Thank you again for visiting.   I really hope you enjoy my block.

peace and pieces,
amy

The Unbinding tutorial-aka pillowcase method

I love making place mats, table runners, and mug rugs.   Small stuff.  But that small stuff can be a pain to bind.  Enter the “pillowcase” method.  Honestly, I don’t know why it’s called that, but I DO know it works.  I like to call it “The Un Binding.”

This is a set of place mats that I just finished.  The client has a round dinette table and prefers a more streamline look.  (She has a table runner to match for her dining table, but more on that in another post.)  She sent a newspaper pattern.

I traced the pattern onto the back side of the block.  If you’re doing normal squares/rectangles, this step can be skipped.

Cut a piece of binding and a piece of batting the exact size of your top block.   Lay the batting down.   Then the backing goes down, RIGHT SIDE UP.   Last, the top goes RIGHT SIDE DOWN on top of the rest.   This is your quilt sandwich.

Stitch 1/4 inch around the edge.   I sewed on the markings.  If you’re doing normal squares/rectangles, sew 1/4 inch from the edge of the sandwich.  Leave open a 3-4 inch hole on one of the sides, so you can turn it inside out.

If necessary, trim the edges and snip the corners to reduce bulk.  Even on rectangles, sometimes the batting will shift.

Now reach in, between the 2 fabric layers, and pull the sandwich right side out.

Use a knitting needle or other Poker Thingy  (yes, that IS a technical term!   Why do you ask??) and make your corners nice and neat.  Wiggle the seams all around to get them neat as well.  Tuck in the edge on top.   I usually stick a pin in there, just to hold it together nicely.  Then press.  I use a LOT of steam on the corners and edges.  It makes everything lay nice and flat.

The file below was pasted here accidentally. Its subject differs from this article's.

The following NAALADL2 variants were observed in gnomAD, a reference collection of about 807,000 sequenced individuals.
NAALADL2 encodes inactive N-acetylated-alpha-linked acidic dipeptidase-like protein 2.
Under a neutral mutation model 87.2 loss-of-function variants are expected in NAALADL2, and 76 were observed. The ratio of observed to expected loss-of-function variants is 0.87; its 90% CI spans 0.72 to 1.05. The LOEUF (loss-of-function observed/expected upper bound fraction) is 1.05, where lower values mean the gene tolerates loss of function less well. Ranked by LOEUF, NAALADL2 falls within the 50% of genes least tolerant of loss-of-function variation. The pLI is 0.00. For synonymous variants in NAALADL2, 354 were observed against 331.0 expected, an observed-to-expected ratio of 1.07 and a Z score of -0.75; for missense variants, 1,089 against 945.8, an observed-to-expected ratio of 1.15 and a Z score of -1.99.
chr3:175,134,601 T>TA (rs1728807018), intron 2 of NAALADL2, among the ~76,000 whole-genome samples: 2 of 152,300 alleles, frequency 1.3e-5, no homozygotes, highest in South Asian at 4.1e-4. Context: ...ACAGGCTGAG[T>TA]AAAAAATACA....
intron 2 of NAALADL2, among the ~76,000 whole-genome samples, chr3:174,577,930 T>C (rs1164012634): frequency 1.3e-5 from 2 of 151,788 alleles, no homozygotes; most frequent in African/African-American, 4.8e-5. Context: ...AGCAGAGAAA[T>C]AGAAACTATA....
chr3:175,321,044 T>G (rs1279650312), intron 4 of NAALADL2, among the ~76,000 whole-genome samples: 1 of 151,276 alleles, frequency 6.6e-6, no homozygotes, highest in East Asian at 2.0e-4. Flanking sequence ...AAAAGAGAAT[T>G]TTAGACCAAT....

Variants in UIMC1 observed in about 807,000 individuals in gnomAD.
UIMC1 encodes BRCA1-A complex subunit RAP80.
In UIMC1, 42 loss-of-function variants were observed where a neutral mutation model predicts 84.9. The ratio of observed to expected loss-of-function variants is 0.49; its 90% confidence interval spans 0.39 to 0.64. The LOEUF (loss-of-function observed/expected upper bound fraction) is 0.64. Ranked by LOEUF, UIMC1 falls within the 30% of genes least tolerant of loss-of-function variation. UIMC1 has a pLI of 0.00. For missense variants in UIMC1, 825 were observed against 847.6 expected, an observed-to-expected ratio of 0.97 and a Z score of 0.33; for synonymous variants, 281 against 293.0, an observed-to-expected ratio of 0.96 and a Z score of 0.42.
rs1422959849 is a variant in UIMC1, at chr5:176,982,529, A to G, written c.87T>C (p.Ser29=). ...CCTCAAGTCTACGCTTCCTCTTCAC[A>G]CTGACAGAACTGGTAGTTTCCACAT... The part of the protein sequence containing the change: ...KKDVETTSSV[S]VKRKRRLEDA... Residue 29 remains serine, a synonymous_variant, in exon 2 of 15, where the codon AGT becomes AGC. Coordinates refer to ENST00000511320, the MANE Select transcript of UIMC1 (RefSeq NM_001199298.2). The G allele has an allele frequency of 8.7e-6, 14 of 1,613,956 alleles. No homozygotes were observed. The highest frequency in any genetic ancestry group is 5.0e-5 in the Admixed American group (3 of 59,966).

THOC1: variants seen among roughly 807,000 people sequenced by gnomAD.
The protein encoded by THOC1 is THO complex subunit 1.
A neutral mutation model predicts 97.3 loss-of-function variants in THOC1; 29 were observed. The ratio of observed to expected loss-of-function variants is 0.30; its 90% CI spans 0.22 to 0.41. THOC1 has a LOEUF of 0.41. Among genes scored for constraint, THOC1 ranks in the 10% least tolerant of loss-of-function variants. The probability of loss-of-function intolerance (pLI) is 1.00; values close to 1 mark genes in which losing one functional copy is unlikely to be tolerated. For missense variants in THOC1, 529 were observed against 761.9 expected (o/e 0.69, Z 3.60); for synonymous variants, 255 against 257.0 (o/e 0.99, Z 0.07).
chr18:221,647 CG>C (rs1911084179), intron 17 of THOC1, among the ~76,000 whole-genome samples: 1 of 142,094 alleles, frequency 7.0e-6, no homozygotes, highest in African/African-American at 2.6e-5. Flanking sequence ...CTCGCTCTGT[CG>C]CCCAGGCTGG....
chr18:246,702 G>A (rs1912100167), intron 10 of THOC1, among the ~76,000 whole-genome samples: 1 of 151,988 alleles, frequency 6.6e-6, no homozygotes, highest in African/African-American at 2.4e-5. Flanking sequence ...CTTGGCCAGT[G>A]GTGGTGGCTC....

Next step is to top stitch.  I set my needle to the right 2 notches, and then I can still use the 1/4 inch marks on my walking foot.  You need the stitching to be about 1/8 an inch from the edge.   This way it catches the open area, without the need for hand sewing!!  It also makes the whole thing looks crisp and clean.

And you are done!  Well, mostly.  You COULD be done.  Place mats and mug rugs are small enough that they don’t need to be quilted.  I LIKE to quilt mine, though. So…….how about straight line quilting in the leaf?

You like even more quiting?   I do too!

Free motion “wind” seems to work really well! 

And that is Pillowcasing!   It can technically be used for any size quilt, although I prefer anything larger than this to be bound with traditional double fold binding.  If there are any questions, please let me know!

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Please don’t forget to come back on September 27th, 2012!   My Autum Splendor block will go LIVE!   I’m so excited.   I’ll have a bio/profile on The Quilting Gallery‘s site, too.   There are LOADS of free block patterns and giveaways going on.   Take a peak at what everyone else has to offer.  I’ll have a goody to hand out as well!!!!